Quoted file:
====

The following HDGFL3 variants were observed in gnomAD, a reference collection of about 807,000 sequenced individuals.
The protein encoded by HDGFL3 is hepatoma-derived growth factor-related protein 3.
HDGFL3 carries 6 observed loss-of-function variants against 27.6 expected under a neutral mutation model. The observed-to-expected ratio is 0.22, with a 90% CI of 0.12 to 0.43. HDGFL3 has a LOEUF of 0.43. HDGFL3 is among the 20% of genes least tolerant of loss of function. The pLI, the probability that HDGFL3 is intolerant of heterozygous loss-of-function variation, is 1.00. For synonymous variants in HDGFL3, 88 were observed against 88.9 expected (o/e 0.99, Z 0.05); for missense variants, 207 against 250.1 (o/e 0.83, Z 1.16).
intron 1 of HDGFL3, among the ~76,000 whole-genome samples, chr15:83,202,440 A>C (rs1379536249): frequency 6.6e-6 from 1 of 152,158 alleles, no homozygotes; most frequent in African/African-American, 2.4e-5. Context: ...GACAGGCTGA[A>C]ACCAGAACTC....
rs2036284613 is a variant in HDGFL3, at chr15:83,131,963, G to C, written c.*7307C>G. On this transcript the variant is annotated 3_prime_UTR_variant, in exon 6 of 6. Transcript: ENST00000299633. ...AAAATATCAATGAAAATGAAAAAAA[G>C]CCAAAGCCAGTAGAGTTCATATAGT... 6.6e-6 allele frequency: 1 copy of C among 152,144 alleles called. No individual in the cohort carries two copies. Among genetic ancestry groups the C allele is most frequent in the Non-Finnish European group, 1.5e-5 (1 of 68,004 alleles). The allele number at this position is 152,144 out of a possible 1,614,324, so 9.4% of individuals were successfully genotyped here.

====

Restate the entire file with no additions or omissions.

The following HDGFL3 variants were observed in gnomAD, a reference collection of about 807,000 sequenced individuals.
The protein encoded by HDGFL3 is hepatoma-derived growth factor-related protein 3.
HDGFL3 carries 6 observed loss-of-function variants against 27.6 expected under a neutral mutation model. The observed-to-expected ratio is 0.22, with a 90% CI of 0.12 to 0.43. HDGFL3 has a LOEUF of 0.43. HDGFL3 is among the 20% of genes least tolerant of loss of function. The pLI, the probability that HDGFL3 is intolerant of heterozygous loss-of-function variation, is 1.00. For synonymous variants in HDGFL3, 88 were observed against 88.9 expected (o/e 0.99, Z 0.05); for missense variants, 207 against 250.1 (o/e 0.83, Z 1.16).
intron 1 of HDGFL3, among the ~76,000 whole-genome samples, chr15:83,202,440 A>C (rs1379536249): frequency 6.6e-6 from 1 of 152,158 alleles, no homozygotes; most frequent in African/African-American, 2.4e-5. Context: ...GACAGGCTGA[A>C]ACCAGAACTC....
rs2036284613 is a variant in HDGFL3, at chr15:83,131,963, G to C, written c.*7307C>G. On this transcript the variant is annotated 3_prime_UTR_variant, in exon 6 of 6. Transcript: ENST00000299633. ...AAAATATCAATGAAAATGAAAAAAA[G>C]CCAAAGCCAGTAGAGTTCATATAGT... 6.6e-6 allele frequency: 1 copy of C among 152,144 alleles called. No individual in the cohort carries two copies. Among genetic ancestry groups the C allele is most frequent in the Non-Finnish European group, 1.5e-5 (1 of 68,004 alleles). The allele number at this position is 152,144 out of a possible 1,614,324, so 9.4% of individuals were successfully genotyped here.